Have you ever watched that TV show about obese animals losing weight? It's on one of the channels you'll find sandwiched between QVC and all the "sexy webcam, call me for a date" type deals. Found it? Right, here's a fun game: put it on mute and press play on these instead.


5. Future Brown and Tink - 'Room 302'

With a minimalist, industrial beat, beset with glassy synths – an explosion of brash wintriness – Future Brown provide the huge, jagged soundscape through which rapper Tink tangles her elastic, acrobatic flow. It's called 'Room 302' which is a direct reference to Room 302, an infamous location from Silent Hill 4, a weird, hostile, haunted room, explaining the odd, otherworldly sound of the track. - Russell Thomas

4. Robyn Sherwell - 'Pale Lung'

Robyn Sherwell's new song 'Pale Lung' is a beautiful and laid back R&B song that's incredibly emotional while remaining accessible. She said "Its about falling for someone you're not supposed to fall for" which is something I think we've all experienced. She added onto that statement saying "I had this experience a few years back and wrote Pale Lung. It summarises that specific mix of guilt and desire at that moment you first realise and admit to yourself there is a powerful spark with someone you can't or probably shouldn't pursue. The song still feels like telling a secret, same as it did when I wrote it" and it's nothing short of entrancing. - Tarynn Law

3. Ricky Eat Acid - 'Context'

This is the new single from Ricky Eat Acid called 'Context', a song – says Sam Ray (the guy behind the moniker) – that "represents someone or something reaching their hands up to try and touch God and falling short, over and over again." The bustling and industrious bounce of the track, with bubbling synth, as it builds up and up, are juxtaposed with calmer parts, laden with vocodered vocals and solemn, muffled piano chords, cyclical synth looped around as the beat once again builds up, this time with rap vocals chattering above the slow stamp of a beat, littered with crashing cymbal sounds: it certainly sounds as Mr. Ray says. Talking about the constant, and essentially pointless, uphill struggle that music faces, he cites Sisyphus, the King of Ephyra who in Greek mythology was condemned to Hades (Hell), divinely compelled to roll a stone up a hill only for it to roll back down when it gets to the top. - Russell Thomas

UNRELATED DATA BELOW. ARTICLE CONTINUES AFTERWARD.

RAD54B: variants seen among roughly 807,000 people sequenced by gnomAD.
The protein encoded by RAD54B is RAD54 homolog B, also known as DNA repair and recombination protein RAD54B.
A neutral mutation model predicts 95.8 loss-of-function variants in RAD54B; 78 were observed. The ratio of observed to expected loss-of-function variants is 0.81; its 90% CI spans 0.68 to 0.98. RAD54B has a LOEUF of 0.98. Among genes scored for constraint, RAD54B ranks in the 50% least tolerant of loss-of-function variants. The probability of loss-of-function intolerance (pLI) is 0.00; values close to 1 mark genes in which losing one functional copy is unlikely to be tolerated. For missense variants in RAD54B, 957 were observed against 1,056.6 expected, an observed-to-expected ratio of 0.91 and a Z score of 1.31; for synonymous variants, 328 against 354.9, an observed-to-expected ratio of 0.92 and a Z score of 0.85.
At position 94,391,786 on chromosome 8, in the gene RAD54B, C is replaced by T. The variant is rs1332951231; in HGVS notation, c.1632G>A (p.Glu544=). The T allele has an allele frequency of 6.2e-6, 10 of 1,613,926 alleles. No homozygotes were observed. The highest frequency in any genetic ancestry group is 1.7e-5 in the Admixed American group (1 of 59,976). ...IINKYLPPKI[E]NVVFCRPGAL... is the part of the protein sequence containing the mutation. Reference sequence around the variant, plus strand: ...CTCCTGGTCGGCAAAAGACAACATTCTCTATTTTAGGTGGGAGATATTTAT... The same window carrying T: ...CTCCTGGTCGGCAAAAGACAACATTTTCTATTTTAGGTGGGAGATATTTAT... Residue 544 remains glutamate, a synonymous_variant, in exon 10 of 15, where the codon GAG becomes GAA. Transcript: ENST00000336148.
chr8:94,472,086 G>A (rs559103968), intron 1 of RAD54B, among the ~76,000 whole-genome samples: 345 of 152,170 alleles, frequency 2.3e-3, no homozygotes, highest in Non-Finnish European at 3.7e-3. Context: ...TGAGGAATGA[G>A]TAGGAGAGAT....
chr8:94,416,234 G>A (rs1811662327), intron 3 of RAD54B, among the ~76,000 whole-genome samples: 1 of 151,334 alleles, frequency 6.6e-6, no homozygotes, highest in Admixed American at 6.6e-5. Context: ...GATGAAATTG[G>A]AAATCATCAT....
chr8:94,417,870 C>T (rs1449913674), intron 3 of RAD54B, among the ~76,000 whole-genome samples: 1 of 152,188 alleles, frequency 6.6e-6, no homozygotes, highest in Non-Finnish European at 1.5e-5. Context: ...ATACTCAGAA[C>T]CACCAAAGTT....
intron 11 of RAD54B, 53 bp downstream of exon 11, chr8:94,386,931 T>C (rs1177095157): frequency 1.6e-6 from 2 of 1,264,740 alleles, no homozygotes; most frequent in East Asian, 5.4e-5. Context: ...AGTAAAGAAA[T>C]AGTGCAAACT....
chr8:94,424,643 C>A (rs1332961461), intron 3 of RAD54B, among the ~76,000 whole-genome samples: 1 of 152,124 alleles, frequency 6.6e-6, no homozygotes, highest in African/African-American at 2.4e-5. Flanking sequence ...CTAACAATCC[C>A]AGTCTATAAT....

2. Oliver Palfreyman - 'Blown Out'

This is cool as cucumber. Old epithet, I know, but I think it fits. It really does. Oliver Palfreyman is a beatmaker from London and this is a track called 'Blown Out'. Filled with cold vibes, it bristles with resonating cymbal arrays and shivering hi-hats, clap-snare combination keeping time with the warm boom of a subby-kick. Stand-up bass rattles in and out, wordless vocal samples angelic and chopped in a rippling sea of marimba dedications. It's real nice, basically, takes the organic and mixes with the totally synthetic and bypasses the slumping-sideways of boombap hip hop for something more modern, more in tune with something like footwork, a versatile piece that would explode into a room full of people as much as it can creep like sonic mist in the background: a real atmosphere-setter. Listen up. - Russell Thomas

1. 若い蒸気 yng vapor - 'Beyond'

The music of this particular track 'Beyond' is a mélange of unplaceable, organo-synthetic vaporwave flavours and hard trap beats, therefore: vaportrap. Deal with it if you can. If you can't, ignore this. Swathes of slightly jazz-chords soar like softly floating mist, changed up with these chords becoming choppy and more legible later on when the beat rattles through it like a sonic juggernaut, booming beats and uzi hi-hats carving up the ambience with cleaver effectiveness. But then! A dynamic cut, silence, and we tumble into a pool of lo-fi synth phasing all around us, a second movement to the song, a slow motion mirror of the first part, fading out as it gallops away from us into the distance, an intangible dream. - Russell Thomas